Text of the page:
This lesson plan engages students in a real-life exploration of climate change as it is affected by greenhouse emissions from vehicles. The aim of this activity is for students to realize the impact of vehicle use in their family and to give students the opportunity to brainstorm viable alternatives to this use.

This video examines the thawing of permafrost due to changes in climate and shows examples of the impacts that warming temperatures have on permafrost in the Arctic, including the release of the greenhouse gas methane. Dramatic results are shown, including sink holes forming on the landscape and beneath buildings, roads, and other infrastructure, causing some communities to relocate.

This is an activity in which students take the role of either a car seller or a car buyer to learn about transportation energy options. Car sellers are challenged to pitch to buyers about cars with a particular fuel type while car buyers each have a specified personal and socio-economic background that must be considered when buying a car.

This short video touches briefly on the future of global energy and which energy sources best meet four energy-choice criteria: affordable, available, reliable, and clean.

Students use the GLOBE Student Data Archive and visualizations to display current temperatures on a map of the world. They explore the patterns in the temperature map, looking especially for differences between different regions and hemispheres and zoom in for a closer look at a region that has a high density of student reporting stations (such as the US and Europe). Students compare and contrast the patterns in these maps, looking for seasonal patterns.

An interactive visualization tool to examine geocentric seasonal and latitudinal variability in solar energy reaching Earth's surface.

Dr. Kathleen Tierney, Director of the CU Boulder’s Natural Hazards Center and Dr. Kevin Trenberth from the Climate Analysis Section at the National Center for Atmospheric Research (NCAR) will join facilitators Dr. Anne Gold of CIRES and Deb Morrison of University Colorado Boulder in an interactive panel discussion. 

These experts will discuss how scientists can forecast where extreme events will occur and their severity. They will cover what communities and governments  can do to increase resiliency to extreme weather events and how the scientific community can help prepare citizens and government. 

Join them for this self-paced online course (Massive Open Online Course, MOOC).  The course will run over 4.5 weeks requiring a total of 20-25 hours to complete, start date is April 1, 2015.

Why is water at the heart of so much conflict in the American West? How have major cities and extensive agricultural systems been able to thrive in the Western United States despite most of the region being either a desert or semi-desert environment? How will a warming climate affect the availability and use of water in a region populated by tens of millions of people?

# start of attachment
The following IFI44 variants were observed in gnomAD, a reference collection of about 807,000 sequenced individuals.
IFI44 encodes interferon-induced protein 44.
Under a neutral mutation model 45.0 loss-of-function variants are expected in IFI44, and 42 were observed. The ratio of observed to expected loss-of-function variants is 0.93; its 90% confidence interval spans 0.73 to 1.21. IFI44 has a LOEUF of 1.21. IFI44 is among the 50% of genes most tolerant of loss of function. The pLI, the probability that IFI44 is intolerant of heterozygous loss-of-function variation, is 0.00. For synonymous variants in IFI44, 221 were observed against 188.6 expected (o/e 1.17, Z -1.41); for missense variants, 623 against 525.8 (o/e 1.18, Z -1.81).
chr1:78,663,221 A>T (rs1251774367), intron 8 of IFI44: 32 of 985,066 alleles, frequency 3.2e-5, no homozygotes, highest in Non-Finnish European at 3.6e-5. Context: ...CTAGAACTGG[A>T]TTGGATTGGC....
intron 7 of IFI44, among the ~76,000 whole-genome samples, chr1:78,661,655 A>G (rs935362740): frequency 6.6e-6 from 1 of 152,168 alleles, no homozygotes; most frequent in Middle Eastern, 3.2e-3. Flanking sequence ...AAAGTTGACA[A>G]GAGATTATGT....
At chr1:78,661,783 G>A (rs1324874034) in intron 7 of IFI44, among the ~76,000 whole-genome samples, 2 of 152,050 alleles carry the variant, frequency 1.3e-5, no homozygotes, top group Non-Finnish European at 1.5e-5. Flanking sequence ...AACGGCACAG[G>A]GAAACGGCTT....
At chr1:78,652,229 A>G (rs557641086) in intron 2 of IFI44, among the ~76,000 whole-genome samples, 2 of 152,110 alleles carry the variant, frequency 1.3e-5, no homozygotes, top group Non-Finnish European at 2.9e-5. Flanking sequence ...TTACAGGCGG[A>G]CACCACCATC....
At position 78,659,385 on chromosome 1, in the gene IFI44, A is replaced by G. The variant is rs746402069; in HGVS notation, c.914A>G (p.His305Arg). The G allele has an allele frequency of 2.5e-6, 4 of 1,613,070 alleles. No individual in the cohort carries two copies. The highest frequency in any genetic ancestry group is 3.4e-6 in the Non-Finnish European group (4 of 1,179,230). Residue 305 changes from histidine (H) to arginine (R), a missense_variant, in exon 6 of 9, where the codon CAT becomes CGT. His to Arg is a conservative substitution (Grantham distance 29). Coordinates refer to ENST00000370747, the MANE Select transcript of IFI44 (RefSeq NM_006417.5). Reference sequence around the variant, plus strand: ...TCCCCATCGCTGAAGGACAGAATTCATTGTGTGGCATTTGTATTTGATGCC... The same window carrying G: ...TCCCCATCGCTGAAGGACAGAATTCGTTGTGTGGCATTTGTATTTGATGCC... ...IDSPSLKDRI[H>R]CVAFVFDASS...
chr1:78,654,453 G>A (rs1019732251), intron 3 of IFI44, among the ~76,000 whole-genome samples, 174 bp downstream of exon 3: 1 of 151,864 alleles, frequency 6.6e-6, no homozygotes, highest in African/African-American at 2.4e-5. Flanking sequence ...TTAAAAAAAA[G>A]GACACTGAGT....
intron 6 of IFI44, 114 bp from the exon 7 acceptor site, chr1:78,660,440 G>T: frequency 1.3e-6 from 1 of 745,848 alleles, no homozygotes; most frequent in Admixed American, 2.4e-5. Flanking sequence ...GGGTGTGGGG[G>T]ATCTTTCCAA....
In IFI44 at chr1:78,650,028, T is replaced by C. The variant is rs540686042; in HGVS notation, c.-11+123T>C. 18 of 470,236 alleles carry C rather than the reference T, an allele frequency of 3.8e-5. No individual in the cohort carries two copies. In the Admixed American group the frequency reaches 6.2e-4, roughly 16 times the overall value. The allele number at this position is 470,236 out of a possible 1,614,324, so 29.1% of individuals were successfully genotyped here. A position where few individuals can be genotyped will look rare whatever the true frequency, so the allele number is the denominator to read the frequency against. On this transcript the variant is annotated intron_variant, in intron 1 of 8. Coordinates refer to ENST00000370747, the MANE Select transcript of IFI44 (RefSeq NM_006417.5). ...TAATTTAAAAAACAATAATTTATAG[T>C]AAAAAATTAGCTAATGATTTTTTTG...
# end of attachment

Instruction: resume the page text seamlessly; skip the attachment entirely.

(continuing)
Join us in exploring these and other questions as we combine an overview of the science behind water and climate in the Western US with a survey of the major legal, political, and cultural issues focused on this precious resource.

You will hear from over 15 experts in water management, policy, and research in the West. We will start with history, politics and culture of water development in the Western US (module 1) and hydrology, water demand and climate in the Western US (module 2) before we dive into a case study around the Colorado River Basin (module 3) and explore controversial water issues (module 4).

This course will include many resources for educators. Educators can earn professional development credit by signing up for an parallel two credit hours course at the cost of $140.

This course is free and open to the public.  Register now!

 

Anne Gold, Associate Scientist and Science Educator, CIRES, University of Colorado Boulder

Eric Gordon, Managing Director of Western Water Assessment, CIRES, University of Colorado Boulder

Consider joining MADE-CLEAR on a five-day professional development experience on climate change and its solutions led by experts in climate science and educational researchers. You will explore the science of climate change through activities, inquiry, and small group work on curriculum.  The Academy will be held at the University of Delaware’s Virden Center.

 

Josh Sniedeman is this year’s Department of Energy’s Einstein Science Educator Fellow.  He will introduce the Energy Literacy Essential Principles developed with the goal of building an energy literate public. In addition, we will introduce the Will Steger Foundation’s Experience Energy Curriculum and Mike Arquin, founder of Kidwind will demonstrate one of Kidwind’s many great activities.

 

 

Josh Sniedeman Josh Sniedeman is the current Albert Einstein Distinguished Educator Fellow for the Department of Energy – a distinction awarded to outstanding k-12 STEM educators. Sniedeman will be guiding us through an in-depth look at energy literacy and what it means for educators.
 


Michael ArquinMichael Arquin is the Founder and Director of KidWind, a leading resource for hands-on, classroom-friendly renewable energy projects. KidWind curricula and classroom wind-turbine kits are used by educators around the country and across many grade levels. Arquin will share with us some of their most-popular activities.
 
Attendees will also be introduced to Experience Energy, a curriculum developed by the Will Steger Foundation to engage elementary and middle school students in Minnesota energy literacy.

 

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